Releasing data to the public can help to unleash innovation and generate huge benefits. In the public sector using citizen’s personal information allows the government to deliver services proactively and with greater efficiency. However, the use of citizen data raises several points of concern for whether current safeguards are adequate for preventing misuse. One area where the use of open data deeply affects society is in the criminal justice system.
A hallmark of big data is personalization and segmentation tools that parse out demographic information such as gender, ethnicity, class, age, personality, habits, and geographical attributes to group and profile users. These profiles are then used to inform actions and decisions. One way in which citizens’ data are being used to inform decisions locally is through predictive policing.
Predictive policing is the use of analytics through finding associations and patterns in criminal activity. The program weighs several risk factors (i.e. prior arrests, acquaintances, acquaintances background, parole status, etc.). The analysis then reveals names of individuals that are 5, 50, or 500 times more likely than average to be involved in a crime. In cities like Chicago where the National Institute of Justice has funded their Two Degrees of Association program, once a person has been identified, the police will visit them and issue a warning not to commit a crime.
For individuals who have already committed crimes, in some states, their data are being used in their sentencing. Evidenced-based sentencing is a practice where a judge uses information about the offender’s risk, needs, and responsiveness to rehabilitation to inform sentencing. The information empirically quantifies the risk of the offender’s future threat he or she is likely to impose on the community and the predicted effectiveness of recidivism treatment.
In 2014, U.S. Attorney General Eric Holder wrote in a report to the U.S. Sentencing Commission condemning the use of evidence-based sentencing. In it he acknowledged and praised the value of data analysis and what it offers the criminal justice system. He also highlighted the importance of the human component involved in sentencing. He argued that using offender characteristics such as education level, employment history, family circumstance, and other demographics instead of basing sentencing on the crime committed is a ‘dangerous concept’ and far reaching. In implementing such practices, two individuals could commit the same crime but receive very different punishments.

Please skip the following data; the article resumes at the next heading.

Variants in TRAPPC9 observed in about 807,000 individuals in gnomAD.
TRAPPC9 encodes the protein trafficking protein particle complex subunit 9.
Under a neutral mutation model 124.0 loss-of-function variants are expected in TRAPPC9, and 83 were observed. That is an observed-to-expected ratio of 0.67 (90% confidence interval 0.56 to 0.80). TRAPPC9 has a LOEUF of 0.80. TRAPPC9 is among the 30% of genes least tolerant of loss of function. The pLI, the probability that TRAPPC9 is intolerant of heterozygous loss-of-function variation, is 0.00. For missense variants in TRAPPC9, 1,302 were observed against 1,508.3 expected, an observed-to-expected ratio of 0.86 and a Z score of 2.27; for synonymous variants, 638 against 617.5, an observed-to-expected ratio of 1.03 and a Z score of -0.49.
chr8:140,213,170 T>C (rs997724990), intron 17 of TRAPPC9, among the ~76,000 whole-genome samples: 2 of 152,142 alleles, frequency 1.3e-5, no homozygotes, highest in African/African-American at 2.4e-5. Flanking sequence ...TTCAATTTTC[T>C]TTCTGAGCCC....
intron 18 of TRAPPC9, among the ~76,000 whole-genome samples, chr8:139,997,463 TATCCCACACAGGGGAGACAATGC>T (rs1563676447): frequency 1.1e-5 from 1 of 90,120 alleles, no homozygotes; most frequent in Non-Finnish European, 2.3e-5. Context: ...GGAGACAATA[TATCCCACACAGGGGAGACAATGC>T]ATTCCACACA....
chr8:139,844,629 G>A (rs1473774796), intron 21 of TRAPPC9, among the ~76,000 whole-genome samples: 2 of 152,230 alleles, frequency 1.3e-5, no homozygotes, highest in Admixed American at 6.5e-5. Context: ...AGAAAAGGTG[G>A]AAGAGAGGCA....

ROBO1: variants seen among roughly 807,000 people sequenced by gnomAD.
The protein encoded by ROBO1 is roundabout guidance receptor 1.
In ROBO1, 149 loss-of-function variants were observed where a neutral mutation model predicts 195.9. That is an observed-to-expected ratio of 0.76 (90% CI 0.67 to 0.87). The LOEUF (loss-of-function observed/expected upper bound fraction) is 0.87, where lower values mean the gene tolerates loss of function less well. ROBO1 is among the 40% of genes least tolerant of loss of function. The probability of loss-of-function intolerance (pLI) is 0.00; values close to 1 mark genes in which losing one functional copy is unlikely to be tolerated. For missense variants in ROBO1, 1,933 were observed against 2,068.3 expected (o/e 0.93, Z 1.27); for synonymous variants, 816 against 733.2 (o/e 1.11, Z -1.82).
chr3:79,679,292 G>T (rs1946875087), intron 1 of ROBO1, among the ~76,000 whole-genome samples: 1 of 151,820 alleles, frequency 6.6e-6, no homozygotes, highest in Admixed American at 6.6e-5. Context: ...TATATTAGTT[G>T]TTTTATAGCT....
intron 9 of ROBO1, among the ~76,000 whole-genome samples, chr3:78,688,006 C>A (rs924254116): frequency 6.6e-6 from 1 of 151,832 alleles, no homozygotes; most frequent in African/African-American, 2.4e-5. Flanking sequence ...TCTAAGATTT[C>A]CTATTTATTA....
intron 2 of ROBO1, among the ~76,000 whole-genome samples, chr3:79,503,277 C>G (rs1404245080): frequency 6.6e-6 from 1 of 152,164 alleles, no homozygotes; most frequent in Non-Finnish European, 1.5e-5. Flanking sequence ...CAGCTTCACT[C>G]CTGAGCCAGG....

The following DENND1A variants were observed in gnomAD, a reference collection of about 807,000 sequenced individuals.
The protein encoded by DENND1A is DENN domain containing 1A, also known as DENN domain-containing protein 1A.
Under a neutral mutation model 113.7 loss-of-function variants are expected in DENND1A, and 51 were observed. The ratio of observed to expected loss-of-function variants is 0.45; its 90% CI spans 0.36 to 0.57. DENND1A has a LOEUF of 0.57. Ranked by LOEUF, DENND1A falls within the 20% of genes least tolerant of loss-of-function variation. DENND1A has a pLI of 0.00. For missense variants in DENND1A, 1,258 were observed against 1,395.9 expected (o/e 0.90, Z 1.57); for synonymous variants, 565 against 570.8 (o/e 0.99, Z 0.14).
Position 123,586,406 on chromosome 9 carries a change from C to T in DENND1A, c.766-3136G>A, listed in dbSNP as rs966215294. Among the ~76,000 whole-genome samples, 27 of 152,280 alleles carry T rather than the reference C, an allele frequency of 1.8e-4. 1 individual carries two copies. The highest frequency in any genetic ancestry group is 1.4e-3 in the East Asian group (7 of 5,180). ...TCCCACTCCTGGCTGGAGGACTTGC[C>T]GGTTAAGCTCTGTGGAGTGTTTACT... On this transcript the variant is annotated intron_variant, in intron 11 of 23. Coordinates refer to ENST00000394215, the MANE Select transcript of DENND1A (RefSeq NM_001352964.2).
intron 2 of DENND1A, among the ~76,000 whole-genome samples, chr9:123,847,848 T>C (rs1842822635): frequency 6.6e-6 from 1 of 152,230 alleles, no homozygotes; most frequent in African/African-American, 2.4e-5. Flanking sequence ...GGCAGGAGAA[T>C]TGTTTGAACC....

He also noted that such practices ultimately raise questions of constitutionality, due to the use of group-based characteristics and suspect classifications. In Bearden v. Georgia in 1983, the Georgia Court of Appeals rejected the state’s intentions of revoking the plaintiff’s probation because of his inability to find employment. The rationale was that unemployment heightened the plaintiff’s risk for reoffending. The court found that classifying anyone as dangerous because they are poor is, in effect, punishing poverty and not constitutional. Attorney General Holder concluded that the trend of using predictive analytics to improve programming and efficacy in other parts of criminal justice such as evidence-based diversion programs will grow but warns against taking them into arenas they don’t belong such as sentencing.
Whether or not these programs work, there is no doubt that they impact society. Unbeknownst to many citizens, their personal information is being used against them. Utilizing analytics will have an unequal impact on more vulnerable populations. The public sector has yet to find an equitable and fair balance to these issues but challenges are on the horizon. Public agencies such as the National Institute of Justice have been in the forefront of opening dialogue on the issue through its annual Predictive Policing Symposium. However, it will be up to policymakers and criminal justice leaders to find an equitable solution to a pressing problem without creating more problems for the future.